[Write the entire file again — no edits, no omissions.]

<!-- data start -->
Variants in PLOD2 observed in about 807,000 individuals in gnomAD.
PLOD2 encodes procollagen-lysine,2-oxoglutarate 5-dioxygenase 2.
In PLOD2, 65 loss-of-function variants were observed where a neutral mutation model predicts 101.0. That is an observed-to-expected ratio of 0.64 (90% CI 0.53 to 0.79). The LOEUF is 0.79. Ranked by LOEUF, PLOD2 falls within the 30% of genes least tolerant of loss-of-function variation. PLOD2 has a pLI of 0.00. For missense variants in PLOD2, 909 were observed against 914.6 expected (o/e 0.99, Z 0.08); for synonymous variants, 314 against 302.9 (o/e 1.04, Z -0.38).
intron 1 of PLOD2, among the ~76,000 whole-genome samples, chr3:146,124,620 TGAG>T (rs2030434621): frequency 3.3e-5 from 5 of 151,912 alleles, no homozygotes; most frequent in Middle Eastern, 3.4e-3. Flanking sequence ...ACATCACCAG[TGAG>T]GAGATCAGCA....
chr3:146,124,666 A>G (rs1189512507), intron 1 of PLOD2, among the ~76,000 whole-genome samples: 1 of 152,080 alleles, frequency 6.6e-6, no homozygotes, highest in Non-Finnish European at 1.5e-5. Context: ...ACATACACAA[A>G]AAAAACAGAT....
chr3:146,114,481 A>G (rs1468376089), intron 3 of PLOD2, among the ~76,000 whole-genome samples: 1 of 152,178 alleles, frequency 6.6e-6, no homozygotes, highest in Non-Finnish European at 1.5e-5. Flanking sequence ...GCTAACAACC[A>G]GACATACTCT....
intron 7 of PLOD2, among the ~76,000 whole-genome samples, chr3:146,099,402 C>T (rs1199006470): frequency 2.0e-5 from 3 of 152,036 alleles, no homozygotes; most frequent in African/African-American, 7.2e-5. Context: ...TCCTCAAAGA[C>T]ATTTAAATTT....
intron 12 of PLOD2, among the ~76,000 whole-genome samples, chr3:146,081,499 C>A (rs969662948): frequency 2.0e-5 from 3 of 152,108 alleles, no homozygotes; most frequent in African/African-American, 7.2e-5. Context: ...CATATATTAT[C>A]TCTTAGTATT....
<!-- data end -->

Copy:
Variants in PLOD2 observed in about 807,000 individuals in gnomAD.
PLOD2 encodes procollagen-lysine,2-oxoglutarate 5-dioxygenase 2.
In PLOD2, 65 loss-of-function variants were observed where a neutral mutation model predicts 101.0. That is an observed-to-expected ratio of 0.64 (90% CI 0.53 to 0.79). The LOEUF is 0.79. Ranked by LOEUF, PLOD2 falls within the 30% of genes least tolerant of loss-of-function variation. PLOD2 has a pLI of 0.00. For missense variants in PLOD2, 909 were observed against 914.6 expected (o/e 0.99, Z 0.08); for synonymous variants, 314 against 302.9 (o/e 1.04, Z -0.38).
intron 1 of PLOD2, among the ~76,000 whole-genome samples, chr3:146,124,620 TGAG>T (rs2030434621): frequency 3.3e-5 from 5 of 151,912 alleles, no homozygotes; most frequent in Middle Eastern, 3.4e-3. Flanking sequence ...ACATCACCAG[TGAG>T]GAGATCAGCA....
chr3:146,124,666 A>G (rs1189512507), intron 1 of PLOD2, among the ~76,000 whole-genome samples: 1 of 152,080 alleles, frequency 6.6e-6, no homozygotes, highest in Non-Finnish European at 1.5e-5. Context: ...ACATACACAA[A>G]AAAAACAGAT....
chr3:146,114,481 A>G (rs1468376089), intron 3 of PLOD2, among the ~76,000 whole-genome samples: 1 of 152,178 alleles, frequency 6.6e-6, no homozygotes, highest in Non-Finnish European at 1.5e-5. Flanking sequence ...GCTAACAACC[A>G]GACATACTCT....
intron 7 of PLOD2, among the ~76,000 whole-genome samples, chr3:146,099,402 C>T (rs1199006470): frequency 2.0e-5 from 3 of 152,036 alleles, no homozygotes; most frequent in African/African-American, 7.2e-5. Context: ...TCCTCAAAGA[C>T]ATTTAAATTT....
intron 12 of PLOD2, among the ~76,000 whole-genome samples, chr3:146,081,499 C>A (rs969662948): frequency 2.0e-5 from 3 of 152,108 alleles, no homozygotes; most frequent in African/African-American, 7.2e-5. Context: ...CATATATTAT[C>A]TCTTAGTATT....